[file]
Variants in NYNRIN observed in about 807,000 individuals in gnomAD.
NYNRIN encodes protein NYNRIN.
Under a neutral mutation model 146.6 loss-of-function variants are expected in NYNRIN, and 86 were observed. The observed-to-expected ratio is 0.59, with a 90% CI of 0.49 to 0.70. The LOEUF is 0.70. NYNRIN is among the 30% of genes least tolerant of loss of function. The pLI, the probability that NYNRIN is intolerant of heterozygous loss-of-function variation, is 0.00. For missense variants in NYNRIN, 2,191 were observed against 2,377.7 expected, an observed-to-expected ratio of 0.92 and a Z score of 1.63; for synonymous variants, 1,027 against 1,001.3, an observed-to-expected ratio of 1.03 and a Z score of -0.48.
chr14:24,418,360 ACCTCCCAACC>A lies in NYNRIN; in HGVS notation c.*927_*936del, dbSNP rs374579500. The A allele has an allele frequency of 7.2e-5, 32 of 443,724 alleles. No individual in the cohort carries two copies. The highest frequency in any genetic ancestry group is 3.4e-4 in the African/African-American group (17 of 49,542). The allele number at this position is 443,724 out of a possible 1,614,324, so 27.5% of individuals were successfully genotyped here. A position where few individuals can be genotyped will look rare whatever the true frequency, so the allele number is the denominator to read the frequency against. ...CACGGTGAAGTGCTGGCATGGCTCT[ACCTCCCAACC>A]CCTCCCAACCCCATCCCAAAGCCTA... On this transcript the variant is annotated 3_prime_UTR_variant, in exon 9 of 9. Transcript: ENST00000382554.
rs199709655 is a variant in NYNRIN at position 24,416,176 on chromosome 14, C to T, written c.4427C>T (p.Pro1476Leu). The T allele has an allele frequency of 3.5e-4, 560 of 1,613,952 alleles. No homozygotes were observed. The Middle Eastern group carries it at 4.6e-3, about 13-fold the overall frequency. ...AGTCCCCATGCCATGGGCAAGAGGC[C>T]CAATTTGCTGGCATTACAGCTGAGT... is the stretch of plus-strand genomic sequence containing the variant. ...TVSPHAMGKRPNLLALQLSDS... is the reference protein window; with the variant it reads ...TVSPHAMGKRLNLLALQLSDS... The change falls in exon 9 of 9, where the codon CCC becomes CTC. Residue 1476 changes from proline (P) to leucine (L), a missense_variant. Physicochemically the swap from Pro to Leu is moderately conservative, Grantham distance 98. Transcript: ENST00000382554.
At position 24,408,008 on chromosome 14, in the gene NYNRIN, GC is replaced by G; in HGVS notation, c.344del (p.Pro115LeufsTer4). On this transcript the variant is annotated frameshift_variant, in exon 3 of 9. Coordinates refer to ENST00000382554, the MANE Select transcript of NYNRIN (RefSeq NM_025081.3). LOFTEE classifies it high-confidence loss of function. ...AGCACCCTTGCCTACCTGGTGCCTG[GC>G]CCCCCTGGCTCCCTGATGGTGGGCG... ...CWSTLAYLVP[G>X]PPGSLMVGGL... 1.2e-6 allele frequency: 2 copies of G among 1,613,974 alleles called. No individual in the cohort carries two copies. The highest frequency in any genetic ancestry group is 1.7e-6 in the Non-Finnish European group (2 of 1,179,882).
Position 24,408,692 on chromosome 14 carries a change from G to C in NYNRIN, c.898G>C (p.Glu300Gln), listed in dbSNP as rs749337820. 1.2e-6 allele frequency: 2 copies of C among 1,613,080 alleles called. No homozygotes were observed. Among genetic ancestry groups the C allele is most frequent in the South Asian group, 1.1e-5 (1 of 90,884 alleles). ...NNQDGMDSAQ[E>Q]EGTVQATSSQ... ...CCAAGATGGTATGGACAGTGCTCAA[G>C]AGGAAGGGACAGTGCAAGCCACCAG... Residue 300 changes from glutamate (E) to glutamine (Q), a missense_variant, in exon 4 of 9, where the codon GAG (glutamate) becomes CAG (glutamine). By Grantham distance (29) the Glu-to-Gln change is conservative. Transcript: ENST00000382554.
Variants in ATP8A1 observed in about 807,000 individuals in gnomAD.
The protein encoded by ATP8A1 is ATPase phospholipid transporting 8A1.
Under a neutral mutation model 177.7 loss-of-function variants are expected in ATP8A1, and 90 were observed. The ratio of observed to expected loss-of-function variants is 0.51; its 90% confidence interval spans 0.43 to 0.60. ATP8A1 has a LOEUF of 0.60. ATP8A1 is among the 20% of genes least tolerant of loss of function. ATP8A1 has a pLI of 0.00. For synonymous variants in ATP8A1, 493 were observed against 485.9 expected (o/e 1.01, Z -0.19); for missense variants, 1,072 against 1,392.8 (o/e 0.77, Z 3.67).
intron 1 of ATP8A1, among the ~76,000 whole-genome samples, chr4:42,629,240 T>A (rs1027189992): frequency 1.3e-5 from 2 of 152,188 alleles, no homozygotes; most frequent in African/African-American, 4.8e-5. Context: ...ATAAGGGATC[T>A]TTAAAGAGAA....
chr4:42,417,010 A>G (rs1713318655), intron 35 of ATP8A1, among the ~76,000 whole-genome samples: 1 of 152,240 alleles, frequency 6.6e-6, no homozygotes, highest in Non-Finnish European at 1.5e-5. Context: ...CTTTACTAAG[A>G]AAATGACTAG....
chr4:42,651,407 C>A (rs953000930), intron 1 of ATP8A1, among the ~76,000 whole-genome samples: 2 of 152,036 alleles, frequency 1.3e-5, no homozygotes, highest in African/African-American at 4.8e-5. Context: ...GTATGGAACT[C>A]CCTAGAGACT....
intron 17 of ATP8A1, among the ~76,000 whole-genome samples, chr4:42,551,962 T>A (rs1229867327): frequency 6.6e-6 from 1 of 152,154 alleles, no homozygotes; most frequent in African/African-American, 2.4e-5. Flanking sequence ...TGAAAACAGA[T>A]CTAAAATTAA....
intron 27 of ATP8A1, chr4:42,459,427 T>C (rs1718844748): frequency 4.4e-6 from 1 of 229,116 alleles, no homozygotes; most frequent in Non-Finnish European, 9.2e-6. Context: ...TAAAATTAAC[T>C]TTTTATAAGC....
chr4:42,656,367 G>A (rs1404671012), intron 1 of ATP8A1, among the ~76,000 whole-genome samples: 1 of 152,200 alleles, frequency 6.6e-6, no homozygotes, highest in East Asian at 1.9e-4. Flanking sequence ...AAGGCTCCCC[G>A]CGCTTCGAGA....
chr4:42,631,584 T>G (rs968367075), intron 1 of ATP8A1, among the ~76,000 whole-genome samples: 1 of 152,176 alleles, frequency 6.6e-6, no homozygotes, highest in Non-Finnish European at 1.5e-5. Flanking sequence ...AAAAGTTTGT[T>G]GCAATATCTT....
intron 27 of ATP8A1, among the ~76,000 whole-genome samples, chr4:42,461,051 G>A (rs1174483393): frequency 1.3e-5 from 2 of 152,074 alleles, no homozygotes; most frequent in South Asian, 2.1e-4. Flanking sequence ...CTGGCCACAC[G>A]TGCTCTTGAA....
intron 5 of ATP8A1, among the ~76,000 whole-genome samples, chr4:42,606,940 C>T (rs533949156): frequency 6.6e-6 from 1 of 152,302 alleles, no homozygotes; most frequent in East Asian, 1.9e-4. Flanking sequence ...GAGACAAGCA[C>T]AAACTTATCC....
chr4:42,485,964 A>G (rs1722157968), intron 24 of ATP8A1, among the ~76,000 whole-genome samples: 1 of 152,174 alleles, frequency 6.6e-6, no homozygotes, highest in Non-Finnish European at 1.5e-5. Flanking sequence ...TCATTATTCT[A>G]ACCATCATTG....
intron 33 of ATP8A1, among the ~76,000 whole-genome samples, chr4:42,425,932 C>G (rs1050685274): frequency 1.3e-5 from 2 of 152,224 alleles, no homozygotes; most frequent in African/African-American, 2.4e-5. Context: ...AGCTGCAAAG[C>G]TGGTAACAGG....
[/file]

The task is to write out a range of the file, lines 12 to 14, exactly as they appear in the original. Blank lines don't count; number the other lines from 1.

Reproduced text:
chr4:42,417,010 A>G (rs1713318655), intron 35 of ATP8A1, among the ~76,000 whole-genome samples: 1 of 152,240 alleles, frequency 6.6e-6, no homozygotes, highest in Non-Finnish European at 1.5e-5. Context: ...CTTTACTAAG[A>G]AAATGACTAG....
chr4:42,651,407 C>A (rs953000930), intron 1 of ATP8A1, among the ~76,000 whole-genome samples: 2 of 152,036 alleles, frequency 1.3e-5, no homozygotes, highest in African/African-American at 4.8e-5. Context: ...GTATGGAACT[C>A]CCTAGAGACT....
intron 17 of ATP8A1, among the ~76,000 whole-genome samples, chr4:42,551,962 T>A (rs1229867327): frequency 6.6e-6 from 1 of 152,154 alleles, no homozygotes; most frequent in African/African-American, 2.4e-5. Flanking sequence ...TGAAAACAGA[T>A]CTAAAATTAA....